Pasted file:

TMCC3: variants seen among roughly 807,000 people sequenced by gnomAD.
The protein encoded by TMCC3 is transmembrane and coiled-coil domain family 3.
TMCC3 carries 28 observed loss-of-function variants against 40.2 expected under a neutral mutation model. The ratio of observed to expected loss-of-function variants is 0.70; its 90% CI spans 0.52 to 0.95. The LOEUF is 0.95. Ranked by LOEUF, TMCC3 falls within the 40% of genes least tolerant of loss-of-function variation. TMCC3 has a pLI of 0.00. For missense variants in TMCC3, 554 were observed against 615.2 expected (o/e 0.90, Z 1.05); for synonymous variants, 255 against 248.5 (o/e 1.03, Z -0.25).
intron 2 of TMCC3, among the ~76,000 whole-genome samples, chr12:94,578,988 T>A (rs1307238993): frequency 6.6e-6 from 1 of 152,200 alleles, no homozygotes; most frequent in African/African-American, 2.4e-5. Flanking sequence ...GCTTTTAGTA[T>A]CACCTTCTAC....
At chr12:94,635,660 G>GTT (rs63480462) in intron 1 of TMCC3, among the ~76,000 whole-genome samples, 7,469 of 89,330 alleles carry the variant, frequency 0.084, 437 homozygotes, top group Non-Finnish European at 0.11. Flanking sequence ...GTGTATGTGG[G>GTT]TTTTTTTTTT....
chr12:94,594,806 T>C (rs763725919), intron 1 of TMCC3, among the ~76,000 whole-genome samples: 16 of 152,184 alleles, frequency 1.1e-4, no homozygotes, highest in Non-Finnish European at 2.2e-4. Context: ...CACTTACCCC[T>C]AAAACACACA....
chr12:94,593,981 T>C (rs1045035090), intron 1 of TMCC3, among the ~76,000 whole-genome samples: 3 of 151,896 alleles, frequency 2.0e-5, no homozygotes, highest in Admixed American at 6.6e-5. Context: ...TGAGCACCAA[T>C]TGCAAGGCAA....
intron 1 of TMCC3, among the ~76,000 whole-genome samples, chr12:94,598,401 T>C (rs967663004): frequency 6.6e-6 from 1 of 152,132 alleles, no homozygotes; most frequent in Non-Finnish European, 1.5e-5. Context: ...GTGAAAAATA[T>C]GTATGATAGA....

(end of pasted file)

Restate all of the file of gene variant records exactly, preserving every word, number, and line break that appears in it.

TMCC3: variants seen among roughly 807,000 people sequenced by gnomAD.
The protein encoded by TMCC3 is transmembrane and coiled-coil domain family 3.
TMCC3 carries 28 observed loss-of-function variants against 40.2 expected under a neutral mutation model. The ratio of observed to expected loss-of-function variants is 0.70; its 90% CI spans 0.52 to 0.95. The LOEUF is 0.95. Ranked by LOEUF, TMCC3 falls within the 40% of genes least tolerant of loss-of-function variation. TMCC3 has a pLI of 0.00. For missense variants in TMCC3, 554 were observed against 615.2 expected (o/e 0.90, Z 1.05); for synonymous variants, 255 against 248.5 (o/e 1.03, Z -0.25).
intron 2 of TMCC3, among the ~76,000 whole-genome samples, chr12:94,578,988 T>A (rs1307238993): frequency 6.6e-6 from 1 of 152,200 alleles, no homozygotes; most frequent in African/African-American, 2.4e-5. Flanking sequence ...GCTTTTAGTA[T>A]CACCTTCTAC....
At chr12:94,635,660 G>GTT (rs63480462) in intron 1 of TMCC3, among the ~76,000 whole-genome samples, 7,469 of 89,330 alleles carry the variant, frequency 0.084, 437 homozygotes, top group Non-Finnish European at 0.11. Flanking sequence ...GTGTATGTGG[G>GTT]TTTTTTTTTT....
chr12:94,594,806 T>C (rs763725919), intron 1 of TMCC3, among the ~76,000 whole-genome samples: 16 of 152,184 alleles, frequency 1.1e-4, no homozygotes, highest in Non-Finnish European at 2.2e-4. Context: ...CACTTACCCC[T>C]AAAACACACA....
chr12:94,593,981 T>C (rs1045035090), intron 1 of TMCC3, among the ~76,000 whole-genome samples: 3 of 151,896 alleles, frequency 2.0e-5, no homozygotes, highest in Admixed American at 6.6e-5. Context: ...TGAGCACCAA[T>C]TGCAAGGCAA....
intron 1 of TMCC3, among the ~76,000 whole-genome samples, chr12:94,598,401 T>C (rs967663004): frequency 6.6e-6 from 1 of 152,132 alleles, no homozygotes; most frequent in Non-Finnish European, 1.5e-5. Context: ...GTGAAAAATA[T>C]GTATGATAGA....